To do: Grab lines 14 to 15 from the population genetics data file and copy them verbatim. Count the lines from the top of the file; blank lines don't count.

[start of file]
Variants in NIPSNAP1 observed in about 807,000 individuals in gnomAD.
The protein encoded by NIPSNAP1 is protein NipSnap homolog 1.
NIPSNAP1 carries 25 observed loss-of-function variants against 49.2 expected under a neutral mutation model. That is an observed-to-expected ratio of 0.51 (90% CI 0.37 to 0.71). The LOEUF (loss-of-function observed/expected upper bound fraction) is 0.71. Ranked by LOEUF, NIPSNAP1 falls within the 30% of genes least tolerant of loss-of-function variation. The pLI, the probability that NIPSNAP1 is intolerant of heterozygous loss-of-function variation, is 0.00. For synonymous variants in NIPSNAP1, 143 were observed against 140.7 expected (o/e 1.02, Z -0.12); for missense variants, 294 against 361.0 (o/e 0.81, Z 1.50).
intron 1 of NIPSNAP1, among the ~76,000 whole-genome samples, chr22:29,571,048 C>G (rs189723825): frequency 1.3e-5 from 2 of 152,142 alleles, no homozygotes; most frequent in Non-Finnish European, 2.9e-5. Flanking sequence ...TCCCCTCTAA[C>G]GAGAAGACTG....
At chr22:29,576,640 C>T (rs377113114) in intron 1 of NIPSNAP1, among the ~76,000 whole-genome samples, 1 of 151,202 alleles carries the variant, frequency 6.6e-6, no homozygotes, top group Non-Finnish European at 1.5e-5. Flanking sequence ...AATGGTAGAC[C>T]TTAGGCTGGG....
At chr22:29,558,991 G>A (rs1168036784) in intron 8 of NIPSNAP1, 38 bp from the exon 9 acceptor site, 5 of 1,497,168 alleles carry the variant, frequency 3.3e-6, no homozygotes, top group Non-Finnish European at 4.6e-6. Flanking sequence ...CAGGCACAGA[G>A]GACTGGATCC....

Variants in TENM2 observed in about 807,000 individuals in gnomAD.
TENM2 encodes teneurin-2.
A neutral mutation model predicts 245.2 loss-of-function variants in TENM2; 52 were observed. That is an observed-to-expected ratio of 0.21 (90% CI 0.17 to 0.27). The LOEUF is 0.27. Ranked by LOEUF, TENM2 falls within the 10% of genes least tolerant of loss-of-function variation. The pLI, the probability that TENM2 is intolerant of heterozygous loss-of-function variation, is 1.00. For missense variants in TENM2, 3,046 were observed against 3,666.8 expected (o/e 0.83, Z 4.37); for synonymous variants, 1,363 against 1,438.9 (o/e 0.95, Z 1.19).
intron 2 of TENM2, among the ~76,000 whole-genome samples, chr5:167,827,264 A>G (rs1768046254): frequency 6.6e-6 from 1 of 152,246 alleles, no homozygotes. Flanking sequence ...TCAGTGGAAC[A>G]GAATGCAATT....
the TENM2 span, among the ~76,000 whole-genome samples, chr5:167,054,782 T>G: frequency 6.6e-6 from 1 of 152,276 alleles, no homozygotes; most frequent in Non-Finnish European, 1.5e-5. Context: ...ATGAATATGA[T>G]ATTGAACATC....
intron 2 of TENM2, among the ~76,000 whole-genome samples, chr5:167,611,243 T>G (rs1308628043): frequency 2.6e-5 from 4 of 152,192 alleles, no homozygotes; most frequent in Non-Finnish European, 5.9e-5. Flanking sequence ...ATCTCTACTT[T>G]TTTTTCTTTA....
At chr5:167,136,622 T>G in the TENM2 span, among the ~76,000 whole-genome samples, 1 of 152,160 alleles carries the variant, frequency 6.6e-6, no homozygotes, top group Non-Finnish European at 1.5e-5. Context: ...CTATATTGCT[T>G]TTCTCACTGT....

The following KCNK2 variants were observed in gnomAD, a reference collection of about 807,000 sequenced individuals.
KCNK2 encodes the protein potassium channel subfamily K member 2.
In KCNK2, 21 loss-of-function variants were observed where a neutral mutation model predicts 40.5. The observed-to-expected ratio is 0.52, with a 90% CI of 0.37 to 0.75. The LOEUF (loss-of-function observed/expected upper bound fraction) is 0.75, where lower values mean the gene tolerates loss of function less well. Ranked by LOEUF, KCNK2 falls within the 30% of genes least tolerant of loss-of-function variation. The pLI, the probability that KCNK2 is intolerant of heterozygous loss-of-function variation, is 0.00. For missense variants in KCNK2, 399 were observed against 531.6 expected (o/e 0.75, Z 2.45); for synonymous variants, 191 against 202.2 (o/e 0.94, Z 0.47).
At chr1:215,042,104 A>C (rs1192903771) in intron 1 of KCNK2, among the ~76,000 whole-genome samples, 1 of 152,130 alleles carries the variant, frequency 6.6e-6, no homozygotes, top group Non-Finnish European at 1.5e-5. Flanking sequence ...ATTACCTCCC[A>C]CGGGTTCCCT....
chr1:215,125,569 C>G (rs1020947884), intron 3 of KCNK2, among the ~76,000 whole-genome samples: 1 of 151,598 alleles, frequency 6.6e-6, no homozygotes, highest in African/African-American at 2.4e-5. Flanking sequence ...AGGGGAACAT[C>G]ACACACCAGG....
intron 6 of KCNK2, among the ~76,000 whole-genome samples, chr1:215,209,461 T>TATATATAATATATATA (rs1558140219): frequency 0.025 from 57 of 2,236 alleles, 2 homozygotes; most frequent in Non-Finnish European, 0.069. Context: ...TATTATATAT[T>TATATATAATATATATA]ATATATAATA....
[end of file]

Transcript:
The following KCNK2 variants were observed in gnomAD, a reference collection of about 807,000 sequenced individuals.
KCNK2 encodes the protein potassium channel subfamily K member 2.